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Concepts voisins



Sumak kawsay is a neologism in Quechua created in the 1990s by socialist-indigenous organizations. Originally created as a political and cultural proposal, Ecuadorian and Bolivian governments later adopted it. The term refers to the implementation of a socialism that moves away from Western socialist theory and instead embraces the ancestral, communitarian knowledge and lifestyle of Quechua people. In Ecuador, it has been translated as buen vivir or "good living", although experts in the Quechua language agree that a more precise translation would be "the plentiful life". In Bolivia, the original word in Aimaran is suma qamaña which has been translated as vivir bien or living well. In the original Quechua phrase, sumak refers to the ideal and beautiful fulfillment of the planet, and kawsay means "life," a life with dignity, plenitude, balance, and harmony. Similar ideas exist in other indigenous communities, such as the Mapuche (Chile), the Guaraní (Bolivia and Paraguay), the Achuar (Ecuadorian Amazon), the Guna (Panamá), etc. Mayan Tsotsil and Tseltal peoples pursue Lekil Kuxlejal (a fair-dignified life), which is considered equivalent to Buen Vivir and has influenced the development Neozapatismo. Since the 1990s, sumak kawsay has grown into a political project that aims to achieve collective wellbeing, social responsibility in how people relate to nature, and a halt to endless capital accumulation. This final aspect makes the project an alternative to traditional development. Buen vivir proposes the collective realization of a harmonious and balanced life based on ethical values, in place of a development model that views human beings as an economic resource. Indigenous movements in Ecuador and Bolivia, along with intellectuals, initially used the concept to define an alternative paradigm to capitalist development with cosmological, holistic, and political dimensions. The 2008 Constitution of Ecuador incorporated the concept of the rights of nature, as did the 2009 Constitution of Bolivia. Diverse theorists, such as economists Alberto Acosta and Magdalena León, say that sumak kawsay is not about a finished and completely structured theory, but rather an unfinished social proposal that can be improved.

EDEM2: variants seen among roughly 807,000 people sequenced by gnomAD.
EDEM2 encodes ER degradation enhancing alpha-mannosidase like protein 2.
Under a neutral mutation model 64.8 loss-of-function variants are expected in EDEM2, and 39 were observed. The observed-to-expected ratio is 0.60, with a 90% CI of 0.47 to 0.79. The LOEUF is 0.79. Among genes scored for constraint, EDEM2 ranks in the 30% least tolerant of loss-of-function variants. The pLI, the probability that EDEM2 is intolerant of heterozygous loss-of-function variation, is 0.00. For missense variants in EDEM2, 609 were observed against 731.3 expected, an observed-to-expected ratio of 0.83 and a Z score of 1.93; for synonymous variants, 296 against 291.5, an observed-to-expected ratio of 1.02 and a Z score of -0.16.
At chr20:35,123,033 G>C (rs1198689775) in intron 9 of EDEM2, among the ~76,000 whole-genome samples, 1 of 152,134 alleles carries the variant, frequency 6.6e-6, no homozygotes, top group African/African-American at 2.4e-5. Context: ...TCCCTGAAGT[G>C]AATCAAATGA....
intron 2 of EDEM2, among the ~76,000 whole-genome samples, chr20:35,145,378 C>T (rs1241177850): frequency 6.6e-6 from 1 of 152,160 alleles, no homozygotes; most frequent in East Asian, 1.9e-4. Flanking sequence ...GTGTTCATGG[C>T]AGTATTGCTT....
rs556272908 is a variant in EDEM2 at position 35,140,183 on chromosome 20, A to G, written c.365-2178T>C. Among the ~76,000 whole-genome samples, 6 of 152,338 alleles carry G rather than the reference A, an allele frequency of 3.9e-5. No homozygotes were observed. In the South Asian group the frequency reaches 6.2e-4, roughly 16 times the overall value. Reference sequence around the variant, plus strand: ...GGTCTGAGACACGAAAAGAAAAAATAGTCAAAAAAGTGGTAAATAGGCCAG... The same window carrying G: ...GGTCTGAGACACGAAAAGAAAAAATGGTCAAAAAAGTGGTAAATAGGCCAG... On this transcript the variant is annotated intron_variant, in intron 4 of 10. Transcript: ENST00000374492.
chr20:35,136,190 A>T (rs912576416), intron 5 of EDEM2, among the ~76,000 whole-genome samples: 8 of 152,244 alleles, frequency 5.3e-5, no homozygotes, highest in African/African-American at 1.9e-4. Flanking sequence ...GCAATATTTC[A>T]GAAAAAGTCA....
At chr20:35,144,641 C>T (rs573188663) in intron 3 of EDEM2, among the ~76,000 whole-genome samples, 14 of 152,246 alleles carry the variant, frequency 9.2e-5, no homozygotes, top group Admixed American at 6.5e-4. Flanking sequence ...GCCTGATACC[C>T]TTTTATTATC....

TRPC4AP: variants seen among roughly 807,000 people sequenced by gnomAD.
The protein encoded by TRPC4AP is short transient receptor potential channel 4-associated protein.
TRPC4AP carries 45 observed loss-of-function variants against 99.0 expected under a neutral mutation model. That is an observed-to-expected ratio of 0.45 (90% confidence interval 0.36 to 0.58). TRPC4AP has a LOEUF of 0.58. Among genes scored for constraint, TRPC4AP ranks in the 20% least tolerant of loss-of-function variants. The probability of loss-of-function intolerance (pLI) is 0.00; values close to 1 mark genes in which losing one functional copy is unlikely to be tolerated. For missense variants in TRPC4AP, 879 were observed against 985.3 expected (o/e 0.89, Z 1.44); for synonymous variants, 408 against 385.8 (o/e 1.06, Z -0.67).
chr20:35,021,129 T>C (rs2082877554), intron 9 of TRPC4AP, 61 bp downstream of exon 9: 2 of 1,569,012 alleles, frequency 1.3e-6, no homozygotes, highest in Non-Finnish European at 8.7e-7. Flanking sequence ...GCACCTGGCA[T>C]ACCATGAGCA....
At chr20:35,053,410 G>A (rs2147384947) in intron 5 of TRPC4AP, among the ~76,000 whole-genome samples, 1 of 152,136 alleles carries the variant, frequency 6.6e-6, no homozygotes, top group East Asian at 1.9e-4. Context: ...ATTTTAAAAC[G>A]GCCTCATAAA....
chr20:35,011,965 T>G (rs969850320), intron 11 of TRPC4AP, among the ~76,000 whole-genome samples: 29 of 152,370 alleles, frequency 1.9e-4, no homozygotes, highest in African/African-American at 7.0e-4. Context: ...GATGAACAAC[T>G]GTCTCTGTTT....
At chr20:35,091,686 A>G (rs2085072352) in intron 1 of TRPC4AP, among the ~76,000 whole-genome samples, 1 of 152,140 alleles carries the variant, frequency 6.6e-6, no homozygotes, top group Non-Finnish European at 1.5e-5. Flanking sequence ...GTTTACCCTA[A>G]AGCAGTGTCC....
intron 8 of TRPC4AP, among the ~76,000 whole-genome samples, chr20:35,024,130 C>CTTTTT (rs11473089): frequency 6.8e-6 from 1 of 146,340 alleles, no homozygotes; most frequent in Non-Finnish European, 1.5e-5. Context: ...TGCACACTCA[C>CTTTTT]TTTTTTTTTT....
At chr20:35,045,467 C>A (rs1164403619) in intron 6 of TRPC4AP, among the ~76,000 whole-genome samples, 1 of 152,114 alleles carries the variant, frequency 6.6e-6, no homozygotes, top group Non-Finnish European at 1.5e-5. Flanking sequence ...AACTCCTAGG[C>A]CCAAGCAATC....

Source : http://dbpedia.org/resource/Sumak_kawsay

Sources externes

Wikidata : Q6135446

DBpedia EN : Sumak_kawsay

P2P Foundation : Buen Vivir

Autres langues (Wikipedia)

Sumak kawsay (cawiki)
Sumak kawsay (dewiki)
Sumak kawsay (enwiki)
Sumak kawsay (eowiki)
Sumak kawsay (eswiki)
Buen vivir (frwiki)
Sumak kawsay (glwiki)
Haƙƙoƙin Yanayi a Ecuador (hawiki)
Sumak kawsay (plwiki)
Sumak Kawsay (ptwiki)
Allin kawsay (quwiki)

Q6135446 Sumak_kawsay

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